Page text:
Abortion may appear to be one of those issues for which there is no middle position. It is about the most polarizing issue in political life today. On most polarized issues, when the activists on opposing sides get to know one another better and understand where the other side is coming from, the conflict between them is reduced. Not with abortion: as Kristin Luker has shown in Abortion and the Politics of Motherhood, when pro-life and pro-choice activists understand their opponents’ worldview, they find it even more terrible and incomprehensible.
At the same time, abortion is not going away. The public is about evenly divided on the abortion rules we have today. Most want some kind of choice on abortion, but not abortion on demand. And the sheer magnitude of abortion in America makes it both an important substantive problem, and an intractable one. There are about 1.2 million abortions per year in the United States. That is about 1/4 of the babies conceived each year. Since Roe v. Wade was decided in 1973, about 40 million Americans have been aborted – about 13% the size of our current population.
Which is why it is so important to articulate a centrist position on abortion. I believe a good way to put it is: keep abortion safe, legal, and abhorrent. Senator Clinton favors the milder formula of “safe, legal, and rare.” I can go with either one. The crucial point is that, like most Americans, I think abortion should be legal, at least when the fetus has no chance of living as a baby, or when the mother’s life is threatened. At the same time, I think we as a society should provide many incentives and safeguards to keep abortion from being just another form of birth control, as I believe it is in most of those million-plus cases each year.
In the past generation, abortion has become an issue that divides the two political parties. Elephants are supposed to have long memories, but most Republicans of my acquaintance forget that the GOP supported abortion after Roe, and many in the Barbara Bush wing still do. And many of my fellow donkeys are prone to kick any Democrat who goes against pro-choice orthodoxy. Democrats for Life of America is, of necessity, a centrist organization. They have come up with a comprehensive proposal to significantly reduce abortion, not through restrictive laws, but through better information, through stronger incentives, and, especially, through better support for babies and their parents.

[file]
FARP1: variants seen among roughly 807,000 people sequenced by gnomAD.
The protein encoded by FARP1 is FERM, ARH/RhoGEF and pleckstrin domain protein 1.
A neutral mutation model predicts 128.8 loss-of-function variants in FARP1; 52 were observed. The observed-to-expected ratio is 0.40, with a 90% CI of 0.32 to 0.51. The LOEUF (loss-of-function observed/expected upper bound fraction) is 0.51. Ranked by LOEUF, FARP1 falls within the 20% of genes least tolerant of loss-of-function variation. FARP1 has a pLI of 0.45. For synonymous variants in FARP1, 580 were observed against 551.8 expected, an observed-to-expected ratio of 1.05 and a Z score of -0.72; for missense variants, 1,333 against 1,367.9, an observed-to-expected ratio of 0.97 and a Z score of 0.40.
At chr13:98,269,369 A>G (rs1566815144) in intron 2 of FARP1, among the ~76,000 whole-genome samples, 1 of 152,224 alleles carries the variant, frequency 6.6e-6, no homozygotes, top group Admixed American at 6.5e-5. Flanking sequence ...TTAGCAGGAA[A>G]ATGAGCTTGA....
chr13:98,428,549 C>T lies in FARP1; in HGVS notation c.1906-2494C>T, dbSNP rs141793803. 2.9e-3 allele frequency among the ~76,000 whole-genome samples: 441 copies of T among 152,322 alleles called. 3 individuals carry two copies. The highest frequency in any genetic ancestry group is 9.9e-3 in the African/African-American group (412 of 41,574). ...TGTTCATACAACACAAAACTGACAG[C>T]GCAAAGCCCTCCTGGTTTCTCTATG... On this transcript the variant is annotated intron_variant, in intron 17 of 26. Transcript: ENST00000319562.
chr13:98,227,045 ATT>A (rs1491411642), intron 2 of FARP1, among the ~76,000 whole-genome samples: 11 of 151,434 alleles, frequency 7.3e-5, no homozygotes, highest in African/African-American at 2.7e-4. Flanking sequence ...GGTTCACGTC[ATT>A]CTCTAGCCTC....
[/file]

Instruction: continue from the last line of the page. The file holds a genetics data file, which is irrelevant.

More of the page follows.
The 95-10 proposal has the ambitious aim to reduce the number of abortions by 95% in ten years. The program starts with better education about pregnancy prevention, the pregnancy support that is already available, the extent of the national abortion rate, and counseling and daycare on campus, an issue I wrote about recently. The act would then make existing adoption tax credits permanent, ban jacking up insurance rates for the “pre-existing condition” of pregnancy (as if it were a disease), and increase funding against domestic violence, as murder is the leading cause of death for pregnant women. The 95-10 proposal does not end with the child’s birth, though; the act would fully fund the Women, Infants, and Children program, and require the successful State Child Health Insurance Programs to include pregnant women and their babies.
I think it unlikely that any program can reduce the abortion rate 95%, short of coercion so draconian that it would be un-American. Still, most people, when presented with the enormous size of the abortion rate in America, do favor reducing it. The combination of education and support that the 95-10 proposal offers could go some way – maybe halfway – to reducing the abortion rate. And that is a worthy centrist goal.